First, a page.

2 - Servo Power.  Allows powering servos for typically higher voltages than 3.3V
Note that your servos must operate with 3.3V control signals (Above TTL generally ok)

P9 - The PWM primary output pin
1 - PWM_0 pulse width modulated output. This is GPIO21
2 - PWM_1 pulse width modulated output. This is GPIO19
3 - PWM_2 pulse width modulated output. This is GPIO15 and also JTAG MTD0
4 - ADC 0 input and has pads near it for use of TMP36 temp sensor loaded from top

P10 - The QEI Encoder 0 input.  An Up-Down hardware counter for wheel encoders
1 - Ground
2 - Vdd (3.3 volts)
3 - Quadrature encoder 0 input B. This is also GPIO34
4 - Quadrature encoder 0 input A. This is also LED4.  This is GPIO4

P11- The QEI Encoder 1 input.  An Up-Down hardware counter for wheel encoders
1 - Ground
2 - Vdd (3.3 volts)
3 - Quadrature encoder 1 input B. This is also GPIO35
4 - Quadrature encoder 1 input A. This is also LED5.  This is GPIO27

P12 - The SPI Bus or Other IO if required
1 - Ground
2 - SPI CSO.    Also GPIO18.  I have used this for second serial port Receive
3 - SPI CLK.    Also GPIO5.     I have used this for second serial port Transmit
4 - SPI MOSI. Also GPIO17.
5 - SPI MISO. Also GPIO16.
6 - GPIO2 line which is also normally the LED for status blinking

Advanced FreeRTOS Development With Debugger

To develop more complex applications I use the esp32 SDK setup on my windows PC which can also be setup on a linux pc or a MAC.   Refer to the esp-idf docs pages which are frankly very complete but is best done by persons used to cross compilers and command line interfaces.

As of mid 2018 I have not yet tried the newer Esp32  SDK version 3.0 but hope to use that soon.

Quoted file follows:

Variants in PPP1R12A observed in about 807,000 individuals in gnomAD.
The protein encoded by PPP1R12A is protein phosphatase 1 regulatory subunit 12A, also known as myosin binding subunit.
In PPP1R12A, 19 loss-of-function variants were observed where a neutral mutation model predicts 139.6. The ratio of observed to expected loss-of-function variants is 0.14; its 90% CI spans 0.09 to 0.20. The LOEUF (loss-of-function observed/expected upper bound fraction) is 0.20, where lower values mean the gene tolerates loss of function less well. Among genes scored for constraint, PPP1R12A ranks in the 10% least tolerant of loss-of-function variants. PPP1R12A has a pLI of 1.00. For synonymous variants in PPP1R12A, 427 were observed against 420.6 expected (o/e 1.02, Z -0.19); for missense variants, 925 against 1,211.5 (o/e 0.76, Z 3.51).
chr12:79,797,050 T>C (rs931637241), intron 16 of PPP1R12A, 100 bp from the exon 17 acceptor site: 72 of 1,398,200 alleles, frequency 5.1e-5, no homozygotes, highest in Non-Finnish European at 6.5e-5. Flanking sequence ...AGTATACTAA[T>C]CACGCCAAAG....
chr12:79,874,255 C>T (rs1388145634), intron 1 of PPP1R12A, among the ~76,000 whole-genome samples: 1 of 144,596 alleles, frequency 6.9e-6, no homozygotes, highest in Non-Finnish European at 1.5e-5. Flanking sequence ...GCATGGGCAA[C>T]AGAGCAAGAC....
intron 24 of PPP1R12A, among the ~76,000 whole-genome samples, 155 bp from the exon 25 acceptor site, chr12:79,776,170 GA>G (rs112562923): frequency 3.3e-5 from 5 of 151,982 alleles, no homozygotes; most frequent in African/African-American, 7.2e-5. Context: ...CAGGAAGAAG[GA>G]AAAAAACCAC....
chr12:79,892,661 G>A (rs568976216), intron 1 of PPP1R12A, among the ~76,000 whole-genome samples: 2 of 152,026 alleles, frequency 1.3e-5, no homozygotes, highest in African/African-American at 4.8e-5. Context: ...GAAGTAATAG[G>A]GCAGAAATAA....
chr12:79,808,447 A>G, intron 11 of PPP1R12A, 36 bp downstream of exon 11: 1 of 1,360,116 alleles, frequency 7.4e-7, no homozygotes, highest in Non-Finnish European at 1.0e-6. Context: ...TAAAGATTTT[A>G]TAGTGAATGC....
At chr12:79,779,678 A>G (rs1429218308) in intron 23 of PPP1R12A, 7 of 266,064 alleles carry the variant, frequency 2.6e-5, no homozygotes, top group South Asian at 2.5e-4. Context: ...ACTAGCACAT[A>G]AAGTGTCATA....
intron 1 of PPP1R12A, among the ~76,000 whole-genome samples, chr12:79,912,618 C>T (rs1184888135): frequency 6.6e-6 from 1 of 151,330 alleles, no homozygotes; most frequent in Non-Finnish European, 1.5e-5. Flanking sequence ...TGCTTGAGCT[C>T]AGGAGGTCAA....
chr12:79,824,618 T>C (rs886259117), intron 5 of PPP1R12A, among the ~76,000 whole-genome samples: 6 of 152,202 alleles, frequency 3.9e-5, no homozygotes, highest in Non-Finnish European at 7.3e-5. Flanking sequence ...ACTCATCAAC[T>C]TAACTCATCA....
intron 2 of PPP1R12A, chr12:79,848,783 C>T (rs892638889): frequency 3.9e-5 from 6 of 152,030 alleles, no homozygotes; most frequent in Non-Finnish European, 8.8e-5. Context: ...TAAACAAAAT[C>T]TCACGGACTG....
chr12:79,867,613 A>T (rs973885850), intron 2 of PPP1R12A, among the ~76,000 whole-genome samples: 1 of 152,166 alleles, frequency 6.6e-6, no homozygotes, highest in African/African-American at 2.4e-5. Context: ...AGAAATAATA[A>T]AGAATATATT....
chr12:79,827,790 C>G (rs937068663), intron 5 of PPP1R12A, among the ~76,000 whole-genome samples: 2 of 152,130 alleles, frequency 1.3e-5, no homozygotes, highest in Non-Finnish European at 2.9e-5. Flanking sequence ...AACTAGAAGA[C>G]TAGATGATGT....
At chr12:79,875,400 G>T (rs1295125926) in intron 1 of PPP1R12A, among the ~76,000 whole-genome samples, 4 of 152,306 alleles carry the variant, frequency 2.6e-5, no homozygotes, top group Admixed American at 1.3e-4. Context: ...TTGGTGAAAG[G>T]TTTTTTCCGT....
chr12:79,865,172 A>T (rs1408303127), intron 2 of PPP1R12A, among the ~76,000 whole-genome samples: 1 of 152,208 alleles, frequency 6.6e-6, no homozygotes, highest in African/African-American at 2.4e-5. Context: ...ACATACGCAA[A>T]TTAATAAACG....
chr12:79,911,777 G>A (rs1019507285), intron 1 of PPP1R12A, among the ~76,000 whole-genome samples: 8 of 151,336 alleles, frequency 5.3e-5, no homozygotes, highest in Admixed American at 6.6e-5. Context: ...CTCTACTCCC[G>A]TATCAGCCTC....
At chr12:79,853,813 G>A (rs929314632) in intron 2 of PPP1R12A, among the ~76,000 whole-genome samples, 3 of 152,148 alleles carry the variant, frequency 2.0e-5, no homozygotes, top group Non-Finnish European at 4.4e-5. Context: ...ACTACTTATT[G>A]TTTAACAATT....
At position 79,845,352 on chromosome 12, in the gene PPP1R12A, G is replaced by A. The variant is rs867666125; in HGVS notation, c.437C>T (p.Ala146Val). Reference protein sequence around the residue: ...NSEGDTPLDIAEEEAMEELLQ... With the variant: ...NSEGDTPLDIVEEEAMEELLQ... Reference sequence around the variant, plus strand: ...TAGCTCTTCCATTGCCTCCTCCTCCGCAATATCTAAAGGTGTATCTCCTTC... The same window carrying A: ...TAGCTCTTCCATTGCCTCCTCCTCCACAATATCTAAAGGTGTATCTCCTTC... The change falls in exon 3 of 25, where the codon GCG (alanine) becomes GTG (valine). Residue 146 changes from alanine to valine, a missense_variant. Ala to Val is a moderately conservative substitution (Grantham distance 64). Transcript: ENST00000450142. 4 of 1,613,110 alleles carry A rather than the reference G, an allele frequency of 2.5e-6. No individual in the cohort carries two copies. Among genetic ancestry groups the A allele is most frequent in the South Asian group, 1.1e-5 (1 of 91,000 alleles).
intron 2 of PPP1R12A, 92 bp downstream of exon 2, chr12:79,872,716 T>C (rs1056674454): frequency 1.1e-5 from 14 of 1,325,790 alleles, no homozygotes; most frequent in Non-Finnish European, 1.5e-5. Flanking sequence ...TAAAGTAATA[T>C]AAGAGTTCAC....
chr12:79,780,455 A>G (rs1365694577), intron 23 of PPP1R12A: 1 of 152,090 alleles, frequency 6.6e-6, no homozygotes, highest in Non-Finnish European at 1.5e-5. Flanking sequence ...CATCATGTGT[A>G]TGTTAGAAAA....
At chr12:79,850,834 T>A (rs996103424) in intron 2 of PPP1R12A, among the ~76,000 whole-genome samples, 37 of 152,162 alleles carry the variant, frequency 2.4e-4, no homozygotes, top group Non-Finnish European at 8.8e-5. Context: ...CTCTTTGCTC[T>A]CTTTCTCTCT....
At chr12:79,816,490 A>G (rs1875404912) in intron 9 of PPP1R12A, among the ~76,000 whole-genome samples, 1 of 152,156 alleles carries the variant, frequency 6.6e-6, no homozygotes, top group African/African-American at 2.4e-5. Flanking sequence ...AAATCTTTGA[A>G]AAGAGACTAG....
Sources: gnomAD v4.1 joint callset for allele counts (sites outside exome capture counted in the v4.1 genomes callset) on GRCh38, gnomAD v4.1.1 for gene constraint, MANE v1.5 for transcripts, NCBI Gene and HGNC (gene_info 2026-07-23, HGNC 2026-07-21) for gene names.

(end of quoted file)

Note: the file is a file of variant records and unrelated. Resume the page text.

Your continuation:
As of this writting I am using the Esp32 sdk that I got in mid 2017. The readme shows not rev so I am not sure which one it is.   I set it up on windows 7 system using the doc link in prior paragraph where it runs command line using 'mingw32' environment.  The docs above explain how to set that all up. 

I develop with Eclipse IDE on top of the mingw32 toolchain.  To setup Eclipse is a complex issue that I cannot recommend except to those who have setup Eclipse embedded dev. 

Many of my applications use FreeRTOS that is fully supported by the esp-idf environment.  FreeRTOS allows a multi-threaded environment with semaphores and other embedded OS features that really make this Esp32 environment ROCK (IMHO).     The FreeRTOS system is feature rich so refer to the FreeRTOS Manual HERE.

Quite a few C drivers for popular sensors are on my github  in Esp32_Code folder

You can develop fully command line based using the esp-idf environment (the SDK) OR if you wish to take advantage of the full IDE type of setup you may do as I have and setup the command line tools with Eclipse on top.  The use of Eclipse, although a bit involved to configure, allows many nice editing dev features as well as a nice interface to the JTAG debugging available through use of J-LInk debugger and the JTAG port on this dev board.

Some Tricky Things (also explained in Esp32 docs but important stuff)

Once you have a sample project that you can use 'make'  you tend to hook up the serial port Tx, Rx, DSR and RTS to the board and use  'make flash' to make and push code to the board.

BUT you are well advised to know of the  'make menuconfig' tool.  This tool is a frontend to properly set loads of make variables in the 'sdkconfig' file a KEY file to know about.

The sdkconfig file holds the com port (windows) or dev (linux) that will be used for download.   A host of other config parameters are in sdkconfig so it's best to at least use 'make menuconfig' and browse the menus to see the sorts of things to be configured.  Sometimes support for some types of IO devices or modules you may use like Amazon AWS and other things have their setup parameters exposed through the 'make menuconfig' tool and then those parameters end up in the sdkconfig file.    So do NOT ignore that file or special make that forms the file!
Mark-World - Tech Projects To Amuse The Curious
Esp32 Dev Board